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Constitutional systems aim to regulate government behavior through stable and predictable laws, but when their citizens' freedom, security, and stability are threatened by exigencies, often the government must take extraordinary action regardless of whether it has the legal authority to do so. In Extra-Legal Power and Legitimacy: Perspectives on Prerogative, Clement Fatovic and Benjamin A. Kleinerman examine the costs and benefits associated with different ways that governments have wielded extra-legal powers in times of emergency. They survey distinct models of emergency governments and draw diverse and conflicting approaches by joining influential thinkers into conversation with one another. Chapters by eminent scholars illustrate the earliest frameworks of prerogative, analyze American perspectives on executive discretion and extraordinary power, and explore the implications and importance of deliberating over the limitations and proportionality of prerogative power in contemporary liberal democracy.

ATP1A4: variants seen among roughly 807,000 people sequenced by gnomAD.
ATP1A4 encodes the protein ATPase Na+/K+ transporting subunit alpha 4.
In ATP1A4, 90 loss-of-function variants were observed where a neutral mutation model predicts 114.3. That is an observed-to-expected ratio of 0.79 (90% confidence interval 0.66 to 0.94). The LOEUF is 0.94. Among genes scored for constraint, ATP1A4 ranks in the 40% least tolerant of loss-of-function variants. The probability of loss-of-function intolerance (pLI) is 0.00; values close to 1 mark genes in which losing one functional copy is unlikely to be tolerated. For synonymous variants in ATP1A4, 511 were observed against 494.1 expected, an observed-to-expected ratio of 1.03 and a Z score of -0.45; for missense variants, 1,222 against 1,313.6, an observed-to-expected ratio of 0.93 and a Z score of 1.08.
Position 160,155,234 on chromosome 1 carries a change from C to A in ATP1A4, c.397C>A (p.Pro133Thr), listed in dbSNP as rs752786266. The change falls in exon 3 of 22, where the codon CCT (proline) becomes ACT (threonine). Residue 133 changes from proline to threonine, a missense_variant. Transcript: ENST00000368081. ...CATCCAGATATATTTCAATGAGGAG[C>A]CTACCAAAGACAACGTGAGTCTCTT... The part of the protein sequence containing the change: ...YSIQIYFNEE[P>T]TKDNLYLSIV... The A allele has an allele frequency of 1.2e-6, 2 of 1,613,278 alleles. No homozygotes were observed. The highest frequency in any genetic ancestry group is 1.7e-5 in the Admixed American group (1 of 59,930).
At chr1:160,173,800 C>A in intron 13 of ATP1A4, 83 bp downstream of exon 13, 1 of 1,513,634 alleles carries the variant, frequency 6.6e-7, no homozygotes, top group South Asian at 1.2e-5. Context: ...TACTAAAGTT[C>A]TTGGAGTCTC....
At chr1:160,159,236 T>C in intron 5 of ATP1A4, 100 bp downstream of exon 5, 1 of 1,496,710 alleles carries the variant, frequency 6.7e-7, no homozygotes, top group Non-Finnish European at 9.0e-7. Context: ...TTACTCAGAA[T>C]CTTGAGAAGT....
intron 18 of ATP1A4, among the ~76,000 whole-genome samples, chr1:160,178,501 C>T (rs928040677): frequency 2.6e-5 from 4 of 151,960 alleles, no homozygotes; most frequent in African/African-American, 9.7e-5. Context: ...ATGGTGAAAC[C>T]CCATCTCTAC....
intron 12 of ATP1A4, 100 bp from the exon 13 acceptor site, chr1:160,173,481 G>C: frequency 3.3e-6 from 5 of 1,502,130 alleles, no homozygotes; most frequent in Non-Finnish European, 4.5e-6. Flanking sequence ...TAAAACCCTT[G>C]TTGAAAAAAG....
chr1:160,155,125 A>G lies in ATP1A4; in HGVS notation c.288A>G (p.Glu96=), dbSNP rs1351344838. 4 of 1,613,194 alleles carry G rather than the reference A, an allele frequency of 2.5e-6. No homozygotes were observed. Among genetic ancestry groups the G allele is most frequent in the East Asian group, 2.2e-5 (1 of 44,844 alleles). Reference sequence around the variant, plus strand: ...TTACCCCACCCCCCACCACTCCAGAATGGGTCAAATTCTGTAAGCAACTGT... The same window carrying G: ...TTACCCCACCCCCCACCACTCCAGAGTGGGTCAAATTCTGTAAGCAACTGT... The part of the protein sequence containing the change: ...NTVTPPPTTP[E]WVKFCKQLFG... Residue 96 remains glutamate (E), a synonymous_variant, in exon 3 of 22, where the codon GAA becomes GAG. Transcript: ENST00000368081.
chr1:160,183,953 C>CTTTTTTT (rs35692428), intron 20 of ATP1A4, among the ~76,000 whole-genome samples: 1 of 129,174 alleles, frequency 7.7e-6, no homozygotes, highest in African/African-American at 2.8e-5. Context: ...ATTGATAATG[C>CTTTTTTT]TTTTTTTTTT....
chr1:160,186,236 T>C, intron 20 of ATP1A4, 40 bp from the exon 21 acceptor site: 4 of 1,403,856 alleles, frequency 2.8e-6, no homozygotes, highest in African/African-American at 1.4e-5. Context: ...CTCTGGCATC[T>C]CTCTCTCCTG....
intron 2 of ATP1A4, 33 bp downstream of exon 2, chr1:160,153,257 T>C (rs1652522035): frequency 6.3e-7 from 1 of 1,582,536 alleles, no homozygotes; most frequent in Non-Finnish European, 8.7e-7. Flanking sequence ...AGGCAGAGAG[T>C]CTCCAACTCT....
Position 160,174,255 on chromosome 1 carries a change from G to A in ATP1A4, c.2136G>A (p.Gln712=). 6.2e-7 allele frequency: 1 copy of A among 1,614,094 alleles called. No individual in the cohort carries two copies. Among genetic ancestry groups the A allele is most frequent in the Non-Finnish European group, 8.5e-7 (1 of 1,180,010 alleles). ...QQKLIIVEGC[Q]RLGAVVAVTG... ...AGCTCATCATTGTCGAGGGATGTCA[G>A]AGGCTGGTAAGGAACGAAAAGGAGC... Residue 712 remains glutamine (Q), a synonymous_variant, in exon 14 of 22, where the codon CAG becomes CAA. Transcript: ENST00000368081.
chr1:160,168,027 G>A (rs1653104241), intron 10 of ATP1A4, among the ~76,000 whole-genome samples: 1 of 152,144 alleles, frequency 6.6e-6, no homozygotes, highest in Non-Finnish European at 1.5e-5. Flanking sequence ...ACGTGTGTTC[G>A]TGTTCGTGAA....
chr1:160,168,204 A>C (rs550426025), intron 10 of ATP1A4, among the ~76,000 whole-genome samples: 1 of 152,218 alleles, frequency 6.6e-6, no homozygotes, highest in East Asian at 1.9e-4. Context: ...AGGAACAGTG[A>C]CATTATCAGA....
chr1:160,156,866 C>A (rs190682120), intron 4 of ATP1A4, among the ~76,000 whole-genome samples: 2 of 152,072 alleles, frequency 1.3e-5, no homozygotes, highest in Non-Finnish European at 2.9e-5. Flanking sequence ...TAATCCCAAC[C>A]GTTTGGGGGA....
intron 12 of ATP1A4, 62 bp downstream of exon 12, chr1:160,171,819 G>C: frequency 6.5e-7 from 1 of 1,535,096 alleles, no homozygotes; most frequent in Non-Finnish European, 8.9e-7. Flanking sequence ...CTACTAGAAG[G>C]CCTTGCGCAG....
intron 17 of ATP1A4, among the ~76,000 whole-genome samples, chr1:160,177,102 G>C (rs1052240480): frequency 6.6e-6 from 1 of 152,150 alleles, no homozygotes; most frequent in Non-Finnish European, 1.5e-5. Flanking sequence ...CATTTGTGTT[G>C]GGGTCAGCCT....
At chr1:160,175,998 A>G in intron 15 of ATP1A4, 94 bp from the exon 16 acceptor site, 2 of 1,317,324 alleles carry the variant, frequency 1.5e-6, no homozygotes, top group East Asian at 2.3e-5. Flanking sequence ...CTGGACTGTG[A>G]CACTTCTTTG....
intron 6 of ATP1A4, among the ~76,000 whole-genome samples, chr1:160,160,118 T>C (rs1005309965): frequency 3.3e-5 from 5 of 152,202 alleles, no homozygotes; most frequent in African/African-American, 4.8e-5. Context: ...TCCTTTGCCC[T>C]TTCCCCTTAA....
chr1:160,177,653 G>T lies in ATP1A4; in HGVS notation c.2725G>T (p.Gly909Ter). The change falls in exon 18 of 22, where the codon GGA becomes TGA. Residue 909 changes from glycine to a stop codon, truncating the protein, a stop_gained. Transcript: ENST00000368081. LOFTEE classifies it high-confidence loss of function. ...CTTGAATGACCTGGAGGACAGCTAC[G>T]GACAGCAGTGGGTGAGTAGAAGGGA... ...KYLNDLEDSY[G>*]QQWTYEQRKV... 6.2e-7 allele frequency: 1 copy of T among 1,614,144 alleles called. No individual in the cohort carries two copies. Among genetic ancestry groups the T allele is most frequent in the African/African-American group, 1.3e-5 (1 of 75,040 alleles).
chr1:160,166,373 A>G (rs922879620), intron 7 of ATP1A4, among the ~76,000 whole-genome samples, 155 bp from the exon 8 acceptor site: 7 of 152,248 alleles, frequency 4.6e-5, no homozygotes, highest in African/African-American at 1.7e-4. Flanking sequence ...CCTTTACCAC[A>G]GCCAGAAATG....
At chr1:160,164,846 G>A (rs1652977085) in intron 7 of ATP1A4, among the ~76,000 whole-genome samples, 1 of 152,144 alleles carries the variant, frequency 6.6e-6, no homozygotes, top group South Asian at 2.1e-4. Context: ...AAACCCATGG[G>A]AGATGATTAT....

In doing so, they re-introduce into public debate key questions surrounding executive power in contemporary politics.
Clement Fatovic is Associate Professor of Politics and International Relations at Florida International University. His work focuses on modern and contemporary political and constitutional theory, primarily the development of liberalism constitutionalism in seventeenth- and eighteenth-century political thought up to the American Founding. His writing has appeared in the American Journal of Political Science, Perspectives on Politics, History of Political Thought, and more. He is the author of Outside the Law: Emergency and Executive Power (2009).
Benjamin A. Kleinerman is Assistant Professor of Constitutional Democracy in the James Madison College at Michigan State University. His work focuses on constitutional democracy, and he has written on the subject of executive power in the American Constitution. He previously taught at Oberlin College and the Virginia Military Institute, and was Garwood Visiting Fellow in the James Madison Program in American Ideals and Institutions at Princeton University (2011-12). His work has appeared in Perspectives on Politics, American Political Science Review, and Nomos. He is the author of The Discretionary President: The Promise and Peril of Executive Power (2009).